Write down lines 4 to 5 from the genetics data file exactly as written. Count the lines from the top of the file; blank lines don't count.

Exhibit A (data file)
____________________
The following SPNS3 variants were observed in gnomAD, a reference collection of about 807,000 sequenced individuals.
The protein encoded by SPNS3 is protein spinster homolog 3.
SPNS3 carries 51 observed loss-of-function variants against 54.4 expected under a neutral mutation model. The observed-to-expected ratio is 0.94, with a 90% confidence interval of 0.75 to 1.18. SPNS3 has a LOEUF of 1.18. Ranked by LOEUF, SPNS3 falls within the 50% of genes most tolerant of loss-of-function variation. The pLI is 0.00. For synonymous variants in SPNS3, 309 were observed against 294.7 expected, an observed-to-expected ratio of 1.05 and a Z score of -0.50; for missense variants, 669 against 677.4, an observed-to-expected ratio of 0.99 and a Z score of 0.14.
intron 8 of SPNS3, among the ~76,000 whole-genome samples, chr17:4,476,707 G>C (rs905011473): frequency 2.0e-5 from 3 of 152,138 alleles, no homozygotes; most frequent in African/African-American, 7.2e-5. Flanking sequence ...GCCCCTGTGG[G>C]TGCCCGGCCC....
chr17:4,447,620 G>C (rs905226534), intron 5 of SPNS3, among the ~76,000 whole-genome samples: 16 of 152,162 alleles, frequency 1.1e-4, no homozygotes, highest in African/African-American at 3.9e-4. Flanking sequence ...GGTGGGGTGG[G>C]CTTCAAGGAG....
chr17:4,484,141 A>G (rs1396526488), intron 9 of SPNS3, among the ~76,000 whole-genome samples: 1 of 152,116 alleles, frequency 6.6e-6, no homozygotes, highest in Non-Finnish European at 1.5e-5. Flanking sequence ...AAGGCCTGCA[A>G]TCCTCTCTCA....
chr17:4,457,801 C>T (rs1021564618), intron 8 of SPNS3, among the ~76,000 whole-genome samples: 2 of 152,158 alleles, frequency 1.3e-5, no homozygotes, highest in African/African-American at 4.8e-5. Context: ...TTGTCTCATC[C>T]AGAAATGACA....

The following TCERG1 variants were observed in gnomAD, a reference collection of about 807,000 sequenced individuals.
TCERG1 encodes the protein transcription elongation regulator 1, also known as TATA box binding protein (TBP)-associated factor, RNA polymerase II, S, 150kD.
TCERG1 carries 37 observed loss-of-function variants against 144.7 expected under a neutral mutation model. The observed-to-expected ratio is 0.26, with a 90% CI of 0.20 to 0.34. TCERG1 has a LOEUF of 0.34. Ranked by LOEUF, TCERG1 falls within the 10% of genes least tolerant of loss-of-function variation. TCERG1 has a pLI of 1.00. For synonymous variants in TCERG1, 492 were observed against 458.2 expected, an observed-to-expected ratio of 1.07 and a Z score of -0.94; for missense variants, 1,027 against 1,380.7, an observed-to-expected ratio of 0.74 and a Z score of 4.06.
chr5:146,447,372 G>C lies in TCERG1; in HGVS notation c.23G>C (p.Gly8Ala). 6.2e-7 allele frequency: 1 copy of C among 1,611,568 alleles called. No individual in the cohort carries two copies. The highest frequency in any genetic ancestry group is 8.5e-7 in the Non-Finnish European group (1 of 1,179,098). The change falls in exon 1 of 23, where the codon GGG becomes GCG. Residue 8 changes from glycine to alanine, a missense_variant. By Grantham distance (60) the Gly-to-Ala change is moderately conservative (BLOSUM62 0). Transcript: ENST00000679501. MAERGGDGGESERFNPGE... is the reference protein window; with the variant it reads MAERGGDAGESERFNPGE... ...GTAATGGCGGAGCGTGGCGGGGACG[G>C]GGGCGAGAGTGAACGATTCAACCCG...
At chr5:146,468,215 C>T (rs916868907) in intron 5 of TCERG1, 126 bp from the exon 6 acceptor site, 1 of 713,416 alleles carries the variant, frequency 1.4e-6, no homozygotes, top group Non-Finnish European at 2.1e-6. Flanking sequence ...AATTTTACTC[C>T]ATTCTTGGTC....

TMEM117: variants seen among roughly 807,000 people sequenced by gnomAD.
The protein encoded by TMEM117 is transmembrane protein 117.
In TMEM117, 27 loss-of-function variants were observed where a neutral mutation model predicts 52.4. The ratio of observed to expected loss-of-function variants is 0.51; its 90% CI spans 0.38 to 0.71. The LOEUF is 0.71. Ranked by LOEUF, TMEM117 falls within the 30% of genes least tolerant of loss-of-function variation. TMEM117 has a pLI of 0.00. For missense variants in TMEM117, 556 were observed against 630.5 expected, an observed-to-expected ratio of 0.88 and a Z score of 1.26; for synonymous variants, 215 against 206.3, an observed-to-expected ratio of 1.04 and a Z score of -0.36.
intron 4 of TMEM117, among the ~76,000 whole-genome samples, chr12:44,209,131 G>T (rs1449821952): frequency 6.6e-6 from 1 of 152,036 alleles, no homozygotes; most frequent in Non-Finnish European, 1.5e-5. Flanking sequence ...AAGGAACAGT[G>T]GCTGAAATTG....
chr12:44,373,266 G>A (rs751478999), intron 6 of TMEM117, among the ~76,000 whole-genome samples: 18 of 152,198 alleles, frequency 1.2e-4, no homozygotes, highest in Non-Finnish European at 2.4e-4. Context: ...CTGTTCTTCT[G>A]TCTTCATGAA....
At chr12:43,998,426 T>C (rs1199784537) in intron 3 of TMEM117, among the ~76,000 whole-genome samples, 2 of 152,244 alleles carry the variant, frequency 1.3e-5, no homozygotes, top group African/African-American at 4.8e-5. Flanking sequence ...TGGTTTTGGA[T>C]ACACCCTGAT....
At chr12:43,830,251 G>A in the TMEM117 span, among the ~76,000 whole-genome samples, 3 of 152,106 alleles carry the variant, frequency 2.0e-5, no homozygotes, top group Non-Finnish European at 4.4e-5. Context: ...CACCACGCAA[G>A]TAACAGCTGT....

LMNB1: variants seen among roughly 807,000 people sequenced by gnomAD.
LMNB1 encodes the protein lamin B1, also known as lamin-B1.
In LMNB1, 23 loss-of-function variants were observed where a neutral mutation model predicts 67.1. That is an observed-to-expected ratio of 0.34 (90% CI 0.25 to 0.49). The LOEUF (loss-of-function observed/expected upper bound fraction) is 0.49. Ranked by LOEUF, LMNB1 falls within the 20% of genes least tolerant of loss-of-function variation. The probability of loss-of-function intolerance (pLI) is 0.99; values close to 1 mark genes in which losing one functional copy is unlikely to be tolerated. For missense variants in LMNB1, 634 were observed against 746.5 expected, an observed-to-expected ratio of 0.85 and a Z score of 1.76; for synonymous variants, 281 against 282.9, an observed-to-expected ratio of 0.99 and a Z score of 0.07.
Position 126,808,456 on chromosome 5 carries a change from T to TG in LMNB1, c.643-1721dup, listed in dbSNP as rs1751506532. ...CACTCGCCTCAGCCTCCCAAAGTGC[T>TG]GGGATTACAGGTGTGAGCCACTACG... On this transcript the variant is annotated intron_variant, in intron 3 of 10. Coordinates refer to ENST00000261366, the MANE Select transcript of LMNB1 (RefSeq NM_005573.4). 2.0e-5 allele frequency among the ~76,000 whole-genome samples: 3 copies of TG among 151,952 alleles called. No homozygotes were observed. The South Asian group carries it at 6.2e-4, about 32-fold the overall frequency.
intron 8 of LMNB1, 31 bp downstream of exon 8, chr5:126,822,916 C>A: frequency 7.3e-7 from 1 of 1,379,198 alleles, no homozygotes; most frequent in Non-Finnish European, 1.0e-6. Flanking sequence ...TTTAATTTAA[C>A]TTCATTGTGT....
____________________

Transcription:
intron 8 of SPNS3, among the ~76,000 whole-genome samples, chr17:4,476,707 G>C (rs905011473): frequency 2.0e-5 from 3 of 152,138 alleles, no homozygotes; most frequent in African/African-American, 7.2e-5. Flanking sequence ...GCCCCTGTGG[G>C]TGCCCGGCCC....
chr17:4,447,620 G>C (rs905226534), intron 5 of SPNS3, among the ~76,000 whole-genome samples: 16 of 152,162 alleles, frequency 1.1e-4, no homozygotes, highest in African/African-American at 3.9e-4. Flanking sequence ...GGTGGGGTGG[G>C]CTTCAAGGAG....